This is all about presentation skills! Try not to stand behind a lectern. Be out in front with the panel.

      Remember this. Nothing can replace the power of your words! Nothing! Keep it simple. Too many candidates will try to pull something off, get delayed and get time called on them just as they were getting to their best stuff.

      An oral resume is really the answer to the question what have you done to prepare for the position. It's your resume verbally. Start out with your education (keep it in chronological order), and then experience, any volunteer work you have done in your life and any projects you can attach your name to. Make it sound exciting.

      Nothing more. Nothing less. Practice with a tape recorder to get your timing, inflection, take out pause fillers like an, um etc, until it comes out of your mouth the way you want the panel to hear it.

      "Nothing counts 'til you have the badge . . . Nothing!"

      More Tips on getting hired and promoted by Firehouse Contributing Author Fire “Captain Bob” Articles here:

      Fire "Captain Bob"



      • #4
        Clearly and Slowly

        In my previous profession as a teacher I found that one of the biggest mistakes people make when they talk to people is they talk to fast and use filler words to abundantly. This is true for both adolecents and adults.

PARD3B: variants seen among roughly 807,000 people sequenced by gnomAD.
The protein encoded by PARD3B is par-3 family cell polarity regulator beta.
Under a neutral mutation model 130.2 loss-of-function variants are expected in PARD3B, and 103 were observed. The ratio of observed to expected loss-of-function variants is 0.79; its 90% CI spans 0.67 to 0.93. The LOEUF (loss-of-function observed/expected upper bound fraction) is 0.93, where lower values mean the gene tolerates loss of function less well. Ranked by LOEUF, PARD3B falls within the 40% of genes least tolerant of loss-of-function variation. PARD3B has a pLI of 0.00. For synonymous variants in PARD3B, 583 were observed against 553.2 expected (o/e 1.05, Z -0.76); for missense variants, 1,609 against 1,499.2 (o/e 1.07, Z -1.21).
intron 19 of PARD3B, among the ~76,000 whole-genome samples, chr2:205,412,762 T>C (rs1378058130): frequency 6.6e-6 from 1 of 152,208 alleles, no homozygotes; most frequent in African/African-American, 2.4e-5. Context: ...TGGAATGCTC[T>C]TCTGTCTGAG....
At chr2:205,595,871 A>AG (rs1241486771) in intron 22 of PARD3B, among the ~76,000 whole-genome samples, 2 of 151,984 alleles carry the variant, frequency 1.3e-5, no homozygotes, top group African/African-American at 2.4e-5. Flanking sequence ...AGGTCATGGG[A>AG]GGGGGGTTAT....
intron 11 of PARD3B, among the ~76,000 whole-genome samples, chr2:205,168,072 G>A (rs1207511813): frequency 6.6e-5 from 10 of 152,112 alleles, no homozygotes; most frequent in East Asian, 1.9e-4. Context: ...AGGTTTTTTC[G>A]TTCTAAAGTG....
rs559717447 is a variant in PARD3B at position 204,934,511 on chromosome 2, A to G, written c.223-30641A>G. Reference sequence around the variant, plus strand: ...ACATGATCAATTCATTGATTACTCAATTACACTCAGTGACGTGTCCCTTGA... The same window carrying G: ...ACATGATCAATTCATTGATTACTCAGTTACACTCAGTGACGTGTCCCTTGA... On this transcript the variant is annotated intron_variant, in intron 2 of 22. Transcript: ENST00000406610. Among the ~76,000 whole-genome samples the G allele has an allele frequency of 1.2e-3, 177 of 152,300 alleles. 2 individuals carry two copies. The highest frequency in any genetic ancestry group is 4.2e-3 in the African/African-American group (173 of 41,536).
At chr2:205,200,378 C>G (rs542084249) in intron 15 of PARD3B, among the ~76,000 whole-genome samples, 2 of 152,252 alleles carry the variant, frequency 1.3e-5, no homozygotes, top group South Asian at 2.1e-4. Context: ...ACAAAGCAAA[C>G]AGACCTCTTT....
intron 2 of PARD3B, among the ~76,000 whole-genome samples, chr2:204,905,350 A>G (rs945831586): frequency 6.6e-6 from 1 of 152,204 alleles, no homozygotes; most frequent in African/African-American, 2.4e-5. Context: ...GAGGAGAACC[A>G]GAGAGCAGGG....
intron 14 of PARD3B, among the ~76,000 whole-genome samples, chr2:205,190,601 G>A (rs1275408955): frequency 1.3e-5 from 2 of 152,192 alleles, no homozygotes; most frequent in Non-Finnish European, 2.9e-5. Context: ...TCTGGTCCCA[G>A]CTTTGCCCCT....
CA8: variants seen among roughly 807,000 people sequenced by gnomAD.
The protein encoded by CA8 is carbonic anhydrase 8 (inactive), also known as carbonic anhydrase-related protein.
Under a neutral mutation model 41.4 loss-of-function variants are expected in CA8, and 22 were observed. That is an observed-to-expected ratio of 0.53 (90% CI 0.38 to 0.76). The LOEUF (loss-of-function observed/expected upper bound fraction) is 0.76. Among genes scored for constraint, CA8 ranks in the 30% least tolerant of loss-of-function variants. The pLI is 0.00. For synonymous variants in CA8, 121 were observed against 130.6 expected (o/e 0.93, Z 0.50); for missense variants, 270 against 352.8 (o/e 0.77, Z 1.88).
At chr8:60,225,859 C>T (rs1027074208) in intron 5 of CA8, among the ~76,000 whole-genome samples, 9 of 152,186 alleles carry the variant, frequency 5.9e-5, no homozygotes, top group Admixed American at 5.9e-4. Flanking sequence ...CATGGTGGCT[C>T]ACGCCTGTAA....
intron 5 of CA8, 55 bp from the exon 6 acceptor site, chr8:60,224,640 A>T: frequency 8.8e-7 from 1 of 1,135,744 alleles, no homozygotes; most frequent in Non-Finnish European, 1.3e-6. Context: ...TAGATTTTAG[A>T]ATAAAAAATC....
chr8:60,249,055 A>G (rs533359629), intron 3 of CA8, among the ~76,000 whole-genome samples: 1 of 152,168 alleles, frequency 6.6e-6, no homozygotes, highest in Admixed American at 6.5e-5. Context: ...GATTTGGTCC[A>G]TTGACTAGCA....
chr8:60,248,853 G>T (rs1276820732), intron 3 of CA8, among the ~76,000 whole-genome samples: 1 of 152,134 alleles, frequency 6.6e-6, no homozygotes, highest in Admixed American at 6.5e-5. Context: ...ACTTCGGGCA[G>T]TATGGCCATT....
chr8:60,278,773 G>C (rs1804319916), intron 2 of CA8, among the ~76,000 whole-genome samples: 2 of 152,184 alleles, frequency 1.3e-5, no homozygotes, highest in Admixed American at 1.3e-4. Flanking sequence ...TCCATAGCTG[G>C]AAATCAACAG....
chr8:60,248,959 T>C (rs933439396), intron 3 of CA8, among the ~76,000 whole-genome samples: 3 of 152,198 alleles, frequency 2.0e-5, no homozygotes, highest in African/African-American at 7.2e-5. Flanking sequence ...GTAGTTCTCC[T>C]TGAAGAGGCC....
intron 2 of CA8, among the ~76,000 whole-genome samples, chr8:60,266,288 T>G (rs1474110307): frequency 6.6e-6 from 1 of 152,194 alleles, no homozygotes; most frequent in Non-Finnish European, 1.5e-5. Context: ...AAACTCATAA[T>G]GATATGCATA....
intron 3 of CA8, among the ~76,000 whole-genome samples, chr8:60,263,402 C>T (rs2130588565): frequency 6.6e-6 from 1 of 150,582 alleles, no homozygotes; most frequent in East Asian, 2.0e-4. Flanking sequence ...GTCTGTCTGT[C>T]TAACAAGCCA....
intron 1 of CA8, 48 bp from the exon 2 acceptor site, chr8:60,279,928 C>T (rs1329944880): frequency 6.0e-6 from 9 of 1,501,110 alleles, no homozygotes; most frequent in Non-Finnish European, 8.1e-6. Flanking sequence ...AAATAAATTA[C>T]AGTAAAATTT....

I am sure you have been in a class or in a lecture hall and some one giving a speach uses a word in almost every sentence and you fixate on that word.
        EXE... "Um Well I have been in the.. um fireservice for about 10 years and Um I have worked in four different houses. Um I have great refrences, um great education..."
        You might as well Shoot your self in the foot. Other words to avoid using often... Like, I, um, well, also. Use them sparingly they make you sound unprepaired and uneducated.

        Like CaptBob said tape your speach, present it to your parents, friends, teachers if you are in school, anyone who will listen. Get honest feedback.

        Second talk slowly and clearly. Know your speach and try not to breath in the middle of an important sentance rather pause after and let them digest the information for a second or two before moving on. Rushing will make it tough for the interviewer to hear and process what you have said. Remeber that they are most likely going to be taking notes and you want them to hear the things you have done!!

        Good luck
        "Far better it is to dare mighty things than to take rank with the poor timid spirits, who know neither victory nor defeat." FDR


        • #5
          get a tape recorder. It's the best thing you can do. Want the job? Spend the $$ on a tape recorder.
          Last edited by Fargo2722; 07-18-2006, 05:57 PM. Reason: stupid fingers hiiting the wrong keys


          • #6
            Thanks for all the responses. Well, I got in there and they threw me a curveball. They said "Alright, you've got three minutes to tell us about yourself and why you want this job, you may start when you're ready." I ended speaking for around 2:50, but got all the important stuff across. And only two "ummmm"s